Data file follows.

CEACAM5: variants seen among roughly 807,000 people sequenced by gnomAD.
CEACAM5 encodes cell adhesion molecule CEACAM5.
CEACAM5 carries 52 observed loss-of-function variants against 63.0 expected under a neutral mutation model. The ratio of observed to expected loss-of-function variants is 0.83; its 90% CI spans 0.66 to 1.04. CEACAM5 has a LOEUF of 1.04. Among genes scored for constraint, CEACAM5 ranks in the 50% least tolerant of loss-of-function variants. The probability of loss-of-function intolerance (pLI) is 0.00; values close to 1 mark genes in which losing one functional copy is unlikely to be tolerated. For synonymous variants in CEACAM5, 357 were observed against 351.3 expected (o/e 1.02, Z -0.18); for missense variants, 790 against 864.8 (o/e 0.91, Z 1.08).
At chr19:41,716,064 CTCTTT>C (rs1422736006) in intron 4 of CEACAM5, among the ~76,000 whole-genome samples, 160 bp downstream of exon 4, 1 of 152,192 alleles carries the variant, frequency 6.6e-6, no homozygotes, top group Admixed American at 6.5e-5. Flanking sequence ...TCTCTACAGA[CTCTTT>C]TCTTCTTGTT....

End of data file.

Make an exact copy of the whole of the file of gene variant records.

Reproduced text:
CEACAM5: variants seen among roughly 807,000 people sequenced by gnomAD.
CEACAM5 encodes cell adhesion molecule CEACAM5.
CEACAM5 carries 52 observed loss-of-function variants against 63.0 expected under a neutral mutation model. The ratio of observed to expected loss-of-function variants is 0.83; its 90% CI spans 0.66 to 1.04. CEACAM5 has a LOEUF of 1.04. Among genes scored for constraint, CEACAM5 ranks in the 50% least tolerant of loss-of-function variants. The probability of loss-of-function intolerance (pLI) is 0.00; values close to 1 mark genes in which losing one functional copy is unlikely to be tolerated. For synonymous variants in CEACAM5, 357 were observed against 351.3 expected (o/e 1.02, Z -0.18); for missense variants, 790 against 864.8 (o/e 0.91, Z 1.08).
At chr19:41,716,064 CTCTTT>C (rs1422736006) in intron 4 of CEACAM5, among the ~76,000 whole-genome samples, 160 bp downstream of exon 4, 1 of 152,192 alleles carries the variant, frequency 6.6e-6, no homozygotes, top group Admixed American at 6.5e-5. Flanking sequence ...TCTCTACAGA[CTCTTT>C]TCTTCTTGTT....